Home is a need of the soul

by Raphael Marcus, 2012/06/20

Danzig, June 14, 2012, shortly before 10.30 pm: Spain and Ireland are facing each other in the group match of the European Championship. It is minute 88 of the match and Spain is far in the well-deserved lead with a score of 4:0. However, the Irish football fans are famous for not letting such an obvious defeat prevent them from celebrating their heroes. Nor from singing. They sing for several minutes, the players have long since left the field. And again and again the fans sing the chorus “Low lie the fields of Athenry" at the top of their voices.

In 2011, 42.5 million people were forced to flee their homes. The consequences for those affected are dramatic; often their new homes are huge tent cities in the desert. Photo: humedica

This song is the unofficial hymn of Ireland and it is sung at all important national events. For the Irish, it is a link with their people's history and it commemorates one of the worst eras on the Green Island.

The Fields of Athenry” tells the story of the deportation of an Irishman, who was forced to leave the country because he had stolen food during the “An Gorta Mor”, the great famine in Ireland between 1845 and 1849.

No matter if people emigrated on their own accord or if they were forced to leave their country, the great flight and the Irish diaspora resulting from it are still part of the nation’s identity. Those who became refugees at some point in their lives will always consider this unreal and desperate situation to be part of their identity, of their history.

Looking into an unknown future, being dependent on help and confronted with various existential threats, setting up a new home in a foreign environment: a flight changes persons and their descendants substantially, maybe forever.

Most refugees live in terrible misery and are inevitably part of a disaster that brings on severe consequences and incredible suffering. No matter if people have to flee across the borders of their country or within their own country, because of conflicts, hunger or poverty - the reasons for a flight are only of secondary importance. What is most important is that the loss of one’s home is an often underestimated injury to one's soul, as the French philosopher Simone Weil once wrote: "To be rooted is, perhaps the most important and least recognized need of the human soul.

As is the case in numerous other disaster scenarios, those affected worst by a flight are the children. Photo: humedica

June 20, 2012, two days after Ireland played its last game of this European Championship, was the World Refugee Day. This day is intended to commemorate an incredibly high number of affected persons. According to statements of the UN Refugee Agency, the number of refugees in 2011 amounted to 42.5 million people. And the issue of so-called famine refugees is still as relevant as it was during the “An Gorta Mor”, the years of disaster in Ireland.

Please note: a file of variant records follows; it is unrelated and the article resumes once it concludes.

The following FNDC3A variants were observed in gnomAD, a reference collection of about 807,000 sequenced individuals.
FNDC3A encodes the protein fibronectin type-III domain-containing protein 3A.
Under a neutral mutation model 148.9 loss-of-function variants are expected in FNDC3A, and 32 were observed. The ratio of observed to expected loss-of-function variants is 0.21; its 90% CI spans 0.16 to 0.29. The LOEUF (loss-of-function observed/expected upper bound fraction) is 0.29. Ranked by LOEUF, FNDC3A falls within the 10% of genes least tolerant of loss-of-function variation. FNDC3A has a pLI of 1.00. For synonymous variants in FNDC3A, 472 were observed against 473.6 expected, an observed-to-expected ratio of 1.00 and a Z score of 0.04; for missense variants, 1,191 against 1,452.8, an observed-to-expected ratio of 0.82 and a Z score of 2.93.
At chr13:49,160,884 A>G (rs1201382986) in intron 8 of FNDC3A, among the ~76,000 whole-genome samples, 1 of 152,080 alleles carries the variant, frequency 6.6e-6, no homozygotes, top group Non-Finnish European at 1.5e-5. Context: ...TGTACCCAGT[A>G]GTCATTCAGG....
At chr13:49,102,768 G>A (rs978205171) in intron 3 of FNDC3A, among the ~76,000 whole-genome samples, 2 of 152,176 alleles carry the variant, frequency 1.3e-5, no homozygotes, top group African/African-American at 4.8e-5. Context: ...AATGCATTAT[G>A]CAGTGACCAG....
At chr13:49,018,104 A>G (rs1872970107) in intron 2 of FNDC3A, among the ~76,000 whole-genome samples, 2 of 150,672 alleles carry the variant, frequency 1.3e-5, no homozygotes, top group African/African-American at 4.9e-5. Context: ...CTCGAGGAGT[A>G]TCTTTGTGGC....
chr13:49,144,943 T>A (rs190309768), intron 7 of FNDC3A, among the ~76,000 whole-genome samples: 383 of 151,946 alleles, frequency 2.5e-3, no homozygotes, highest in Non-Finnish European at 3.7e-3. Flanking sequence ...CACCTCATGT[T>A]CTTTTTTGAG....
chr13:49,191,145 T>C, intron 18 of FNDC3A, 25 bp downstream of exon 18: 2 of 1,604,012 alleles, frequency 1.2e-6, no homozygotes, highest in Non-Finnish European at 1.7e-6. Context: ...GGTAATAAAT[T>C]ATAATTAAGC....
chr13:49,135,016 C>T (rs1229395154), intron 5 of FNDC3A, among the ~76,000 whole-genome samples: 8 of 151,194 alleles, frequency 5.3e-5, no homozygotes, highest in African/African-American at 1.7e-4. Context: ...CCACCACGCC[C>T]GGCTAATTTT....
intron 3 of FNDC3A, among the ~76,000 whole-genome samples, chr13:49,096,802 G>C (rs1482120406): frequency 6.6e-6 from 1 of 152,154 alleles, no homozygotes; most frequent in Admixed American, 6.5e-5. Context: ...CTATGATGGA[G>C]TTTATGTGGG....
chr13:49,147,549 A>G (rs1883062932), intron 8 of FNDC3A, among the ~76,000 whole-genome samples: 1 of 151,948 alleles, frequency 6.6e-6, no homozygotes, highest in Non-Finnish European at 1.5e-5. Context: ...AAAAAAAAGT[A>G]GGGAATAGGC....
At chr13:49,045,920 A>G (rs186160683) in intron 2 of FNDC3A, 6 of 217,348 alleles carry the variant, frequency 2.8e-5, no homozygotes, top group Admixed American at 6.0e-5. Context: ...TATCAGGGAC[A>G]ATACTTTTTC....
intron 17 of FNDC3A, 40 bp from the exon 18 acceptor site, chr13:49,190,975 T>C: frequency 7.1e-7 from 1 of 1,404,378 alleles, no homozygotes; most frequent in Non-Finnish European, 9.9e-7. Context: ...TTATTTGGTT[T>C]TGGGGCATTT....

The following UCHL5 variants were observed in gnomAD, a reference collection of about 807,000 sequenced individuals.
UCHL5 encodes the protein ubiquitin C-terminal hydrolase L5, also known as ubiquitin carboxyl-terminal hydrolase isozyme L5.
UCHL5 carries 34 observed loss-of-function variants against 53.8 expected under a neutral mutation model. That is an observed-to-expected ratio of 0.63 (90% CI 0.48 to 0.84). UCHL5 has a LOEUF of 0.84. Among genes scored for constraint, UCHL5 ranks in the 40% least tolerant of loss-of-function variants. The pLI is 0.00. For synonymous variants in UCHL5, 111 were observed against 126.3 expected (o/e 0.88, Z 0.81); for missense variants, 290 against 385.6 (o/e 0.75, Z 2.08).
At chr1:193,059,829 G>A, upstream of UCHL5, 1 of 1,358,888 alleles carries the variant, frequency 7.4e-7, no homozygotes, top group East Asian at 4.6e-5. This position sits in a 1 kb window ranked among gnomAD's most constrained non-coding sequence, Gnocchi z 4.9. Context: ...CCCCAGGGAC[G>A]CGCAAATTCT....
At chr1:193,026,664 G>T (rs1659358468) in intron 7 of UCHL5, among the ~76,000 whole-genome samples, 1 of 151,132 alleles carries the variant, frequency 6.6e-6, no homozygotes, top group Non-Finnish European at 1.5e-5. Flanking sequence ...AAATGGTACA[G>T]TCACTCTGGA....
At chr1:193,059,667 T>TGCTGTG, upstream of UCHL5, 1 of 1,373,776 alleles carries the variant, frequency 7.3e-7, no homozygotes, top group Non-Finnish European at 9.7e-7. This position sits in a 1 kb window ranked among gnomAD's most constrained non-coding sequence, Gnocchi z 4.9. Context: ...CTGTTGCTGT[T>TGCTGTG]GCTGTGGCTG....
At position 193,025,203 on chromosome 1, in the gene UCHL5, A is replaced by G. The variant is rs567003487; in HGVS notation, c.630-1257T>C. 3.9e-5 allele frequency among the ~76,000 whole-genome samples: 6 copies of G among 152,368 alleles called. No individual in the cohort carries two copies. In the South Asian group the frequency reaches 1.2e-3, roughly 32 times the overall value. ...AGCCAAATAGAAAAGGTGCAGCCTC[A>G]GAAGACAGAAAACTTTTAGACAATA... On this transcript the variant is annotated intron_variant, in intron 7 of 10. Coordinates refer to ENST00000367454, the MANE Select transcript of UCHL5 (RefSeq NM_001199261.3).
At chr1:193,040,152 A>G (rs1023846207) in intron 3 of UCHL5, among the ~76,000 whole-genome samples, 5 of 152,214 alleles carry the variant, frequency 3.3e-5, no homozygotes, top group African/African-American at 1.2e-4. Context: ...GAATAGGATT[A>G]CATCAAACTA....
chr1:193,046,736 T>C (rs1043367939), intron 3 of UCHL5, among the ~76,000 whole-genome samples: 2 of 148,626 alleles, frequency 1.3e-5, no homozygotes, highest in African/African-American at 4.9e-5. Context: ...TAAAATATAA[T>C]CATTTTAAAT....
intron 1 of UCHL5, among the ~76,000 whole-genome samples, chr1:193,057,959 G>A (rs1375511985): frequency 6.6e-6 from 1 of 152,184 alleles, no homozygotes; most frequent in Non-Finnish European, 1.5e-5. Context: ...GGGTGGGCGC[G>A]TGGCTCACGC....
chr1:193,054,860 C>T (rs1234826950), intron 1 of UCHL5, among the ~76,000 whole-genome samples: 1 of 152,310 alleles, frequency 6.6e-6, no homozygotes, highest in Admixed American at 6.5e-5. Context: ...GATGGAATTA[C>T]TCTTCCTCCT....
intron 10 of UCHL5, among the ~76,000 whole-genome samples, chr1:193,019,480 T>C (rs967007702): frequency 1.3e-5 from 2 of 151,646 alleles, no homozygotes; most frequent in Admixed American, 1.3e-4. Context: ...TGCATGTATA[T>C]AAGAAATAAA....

Soon, the sixth refugee camp will be opened in the Dolo Ado region at the Ethiopian-Somali border. It is expected that all other camps will have reached their capacity limits within only a few weeks. The number of refugees in this region has recently increased to more than 150,000 persons, and up to 1000 more refugees arrive every week. They all fled famine and violence, and often certain death.

An end to this development is not in sight. Quite the contrary: the so far latest wet season once more brought only insufficient rain, and the violent fights in Somalia are continuing.

On the occasion of the World Refugee Day, the humedica team at Melkadida, one of the refugee camps in the Dolo Ado region, planned various activities that went beyond the daily routine of medical aid. The intention was to remind both refugees and assistants that they were not forgotten by the rest of the world. In such a deserted and miserable place, this is the least we can do in order to show our empathy.

Today, I would like to thank all refugees for their patience, their desire to live and also for the gratitude they show towards our committed assistants. At the same time, I would like to thank in particular our team in Ethiopia for their untiring efforts under the most difficult conditions. You are not forgotten!

Our objective is to continue supporting people in misery, above all also displaced persons, refugees, people who have lost their homes! Please support our disaster relief measures by means of a targeted donation. Thank you very much!

      humedica e. V.
      Donation reference “Famine Relief Africa
      Account 47 47
      Bank Code 734 500 00
      Sparkasse Kaufbeuren
      SWIFT-Code: BYLA DE M1 KFB
      IBAN: DE35734500000000004747

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